THROUGHOUT HIS professional life, Dad was/is a deskbound, adding machine-holstered white-collar worker, but he was always blue-collar in attitude and approached work the way a wage-paid laborer did. Day in and day out he answered the call, and only the most extreme reason could keep him from work. Showing up everyday and on time shows you care for your job, he said in so many words. It didn’t matter how high or low you were on the totem pole, if you were there ready and good to go, ready for your mission, then the boss looked good, and if the boss looked good, then oftener than not, things would look good for you.
It was just as well for me when I carried on with that work ethic in New Zealand where I now live and work, ’cause it seemed that in blue-collar Wellington, where the luck of the draw landed me, everyone who liked his job (and lots of those who didn’t) showed up for work every day that the Lord made (or bawat araw na ginawa ng Diyos, if you like), 15 minutes before the bell rang, and bright and cheery for work.
Bright and cheery also included being battle-ready for anything new on the menu, meaning if training or upskilling was available, you grabbed the offer, because usually that meant new machinery or new positions were emerging in the workplace. On the record nothing would be taken against you if you refused, but the boss would remember the next time you needed a favor or when advancement was appearing, and likelier than not you wouldn’t be recommended.
So work ethic and “optional training” had combined to give me the position of backup operator on the brand-new packing machine. Theoretically, as long as I was dependable and a third shift was needed, I was their man. Unfortunately, theory turned into reality when one of the regular packers accepted a supervisor’s job in his hometown’s winery, an irresistible prospect for him, and because of staffing issues the packing machine quickly fell 200 man-hours behind based on a constantly increasing order schedule.
To truncate a potentially longish story, I was transferred from my regular department to packing, on a 10-hour 0500 to 1500 shift to make up for lost hours. Before the end of the second day the site manager decided that even that wasn’t enough, and asked the packing supervisor to ask me if I could change from morning/afternoon shift to the graveyard shift. Before even thinking, and undoubtedly because of Pinoy pakisama I just said “sure why not?” After all, the week was almost over, and the overtime money couldn’t hurt.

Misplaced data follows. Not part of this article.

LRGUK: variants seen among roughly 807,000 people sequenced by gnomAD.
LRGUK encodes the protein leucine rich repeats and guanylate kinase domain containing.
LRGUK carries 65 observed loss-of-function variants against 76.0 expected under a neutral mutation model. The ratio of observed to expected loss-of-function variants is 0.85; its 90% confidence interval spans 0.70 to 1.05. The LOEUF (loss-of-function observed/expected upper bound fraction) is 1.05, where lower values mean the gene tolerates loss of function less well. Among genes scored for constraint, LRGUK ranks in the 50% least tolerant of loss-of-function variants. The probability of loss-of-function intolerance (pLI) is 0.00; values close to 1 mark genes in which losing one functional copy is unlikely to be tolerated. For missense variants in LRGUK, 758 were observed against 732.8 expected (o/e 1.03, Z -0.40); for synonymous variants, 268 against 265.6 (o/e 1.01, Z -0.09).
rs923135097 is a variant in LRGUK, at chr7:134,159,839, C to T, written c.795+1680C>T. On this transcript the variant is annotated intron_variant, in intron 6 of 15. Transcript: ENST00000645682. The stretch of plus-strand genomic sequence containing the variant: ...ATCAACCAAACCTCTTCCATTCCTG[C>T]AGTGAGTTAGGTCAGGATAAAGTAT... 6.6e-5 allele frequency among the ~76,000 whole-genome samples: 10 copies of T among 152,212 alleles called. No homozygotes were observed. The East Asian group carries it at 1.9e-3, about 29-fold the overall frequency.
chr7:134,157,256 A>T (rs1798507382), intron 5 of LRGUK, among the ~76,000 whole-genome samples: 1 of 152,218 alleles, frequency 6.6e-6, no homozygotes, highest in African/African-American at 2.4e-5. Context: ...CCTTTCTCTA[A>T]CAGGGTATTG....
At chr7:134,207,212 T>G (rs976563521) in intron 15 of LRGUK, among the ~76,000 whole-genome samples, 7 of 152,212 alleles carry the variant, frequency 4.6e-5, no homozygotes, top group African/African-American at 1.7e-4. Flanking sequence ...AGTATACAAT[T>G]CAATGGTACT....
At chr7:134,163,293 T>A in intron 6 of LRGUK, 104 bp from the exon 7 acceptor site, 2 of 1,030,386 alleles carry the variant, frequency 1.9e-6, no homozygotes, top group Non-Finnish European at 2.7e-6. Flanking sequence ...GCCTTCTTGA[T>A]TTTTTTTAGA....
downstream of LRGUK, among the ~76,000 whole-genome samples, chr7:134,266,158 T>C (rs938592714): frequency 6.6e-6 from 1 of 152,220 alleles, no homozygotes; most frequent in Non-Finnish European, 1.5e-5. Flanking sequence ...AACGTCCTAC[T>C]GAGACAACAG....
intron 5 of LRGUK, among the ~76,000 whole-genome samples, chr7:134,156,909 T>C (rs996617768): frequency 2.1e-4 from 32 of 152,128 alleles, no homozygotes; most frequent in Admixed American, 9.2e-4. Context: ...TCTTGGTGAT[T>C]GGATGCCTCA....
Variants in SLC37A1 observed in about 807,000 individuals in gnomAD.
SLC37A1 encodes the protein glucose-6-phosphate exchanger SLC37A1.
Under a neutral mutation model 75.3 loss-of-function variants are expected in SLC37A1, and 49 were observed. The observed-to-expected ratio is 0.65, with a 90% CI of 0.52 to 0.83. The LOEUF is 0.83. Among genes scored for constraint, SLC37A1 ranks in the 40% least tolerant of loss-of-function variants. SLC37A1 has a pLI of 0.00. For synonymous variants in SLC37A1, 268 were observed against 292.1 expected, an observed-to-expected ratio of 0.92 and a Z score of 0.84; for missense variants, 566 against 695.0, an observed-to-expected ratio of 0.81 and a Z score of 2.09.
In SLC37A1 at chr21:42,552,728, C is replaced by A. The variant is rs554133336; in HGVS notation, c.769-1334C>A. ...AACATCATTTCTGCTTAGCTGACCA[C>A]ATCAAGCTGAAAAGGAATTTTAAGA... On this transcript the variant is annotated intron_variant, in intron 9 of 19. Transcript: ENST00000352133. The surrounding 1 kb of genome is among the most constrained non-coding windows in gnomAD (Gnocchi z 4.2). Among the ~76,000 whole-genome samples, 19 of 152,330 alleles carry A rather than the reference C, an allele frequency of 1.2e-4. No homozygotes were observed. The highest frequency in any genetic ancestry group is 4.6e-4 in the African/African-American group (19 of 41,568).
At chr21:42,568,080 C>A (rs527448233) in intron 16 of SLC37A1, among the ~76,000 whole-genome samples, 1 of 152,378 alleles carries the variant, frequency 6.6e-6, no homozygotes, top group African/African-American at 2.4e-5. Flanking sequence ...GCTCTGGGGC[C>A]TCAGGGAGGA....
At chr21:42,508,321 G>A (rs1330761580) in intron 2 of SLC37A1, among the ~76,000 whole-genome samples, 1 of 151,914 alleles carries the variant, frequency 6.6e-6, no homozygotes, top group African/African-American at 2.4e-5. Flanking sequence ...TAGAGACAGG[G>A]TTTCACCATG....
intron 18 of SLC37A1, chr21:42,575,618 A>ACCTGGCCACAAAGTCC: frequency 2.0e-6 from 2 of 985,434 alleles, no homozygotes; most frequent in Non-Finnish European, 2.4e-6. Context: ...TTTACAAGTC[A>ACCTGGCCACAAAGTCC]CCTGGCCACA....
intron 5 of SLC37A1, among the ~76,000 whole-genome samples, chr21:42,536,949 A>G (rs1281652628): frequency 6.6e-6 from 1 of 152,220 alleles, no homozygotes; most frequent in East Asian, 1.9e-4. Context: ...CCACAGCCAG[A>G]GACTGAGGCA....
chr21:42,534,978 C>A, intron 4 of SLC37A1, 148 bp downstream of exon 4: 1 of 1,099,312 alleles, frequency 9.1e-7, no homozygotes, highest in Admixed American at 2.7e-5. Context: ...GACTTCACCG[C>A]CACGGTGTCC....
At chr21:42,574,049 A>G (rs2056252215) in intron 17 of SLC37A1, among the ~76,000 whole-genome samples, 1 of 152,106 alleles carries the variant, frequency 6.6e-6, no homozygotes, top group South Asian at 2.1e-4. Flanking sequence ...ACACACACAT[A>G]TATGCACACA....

Famous last words.
Problem is, 12 hours during the night is a bit different from 12 hours during the day. The lack of sunlight and daytime warmth makes the hours stretch endlessly, and the lack of human company stretches same even longer. It helps that you keep going round and round a machine roughly 10 square meters in area, and constantly feed it paper bags, glue and plastic rolls for the bag bundler oven. You also weigh product regularly and never stop monitoring the various conveyors, metal detector, bundle labeller and robot palletizer.
In short, while the work is tedious and wears on your limbs, if you do your work, you almost never get sleepy. The machine was notorious for kinks on any or all of its various innards, but because the catchup production was a high priority, the site manager actually gave me the round-the-clock assistance of the plant engineer, unheard of before she thought of doing it.
And all this, heading headfirst into the biting wind of autumn. Summer was long gone and on annual leave.
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The first night was the hardest, because jams on the conveyor were constantly holding up production. The scale inside the packing machine needed at least one recalibration, and the metal detector was either too sensitive or not sensitive enough. But as soon as the different machines settled in, production was smooth for the rest of the night.
The robot palletizer was another matter. Bundled product coming into the final conveyor must be exactly in the same place every time, otherwise the bundles don’t get piled up correctly and the robot must be reset. The robot palletizer is exactly what it sounds a metal arm that scoops up anything you want and depending on the pattern you program into it, piles up neat piles of bundles all night long. The bundles can’t be too fat or too thin, the shrink-wrap plastic at just the right temperature so it won’t be too hard or too soft for the robot to pick it up neatly.
So as you can see, I had plenty of things to occupy me, and on pure adrenalin and healthy stress, I hardly even had the time to sit and have a cup of tea. It was only my forklift guy and the engineer who reminded me to take the breaks before I realized it was the crack of dawn.
This went on for two more days, and the next week was a “regular” shift schedule of 10 hours, which I didn’t mind too much because I had the advantage of day shift.
Two weeks later, I realized how important the 24/7 shifts were when the supervisor sent me a thank you note (with the blessing of the site manager), and a $50 supermarket voucher. Suddenly the cold and tedious nights of those shifts just became a distant memory.
Now, on to just another week of night shifts to finish…
Thanks for reading!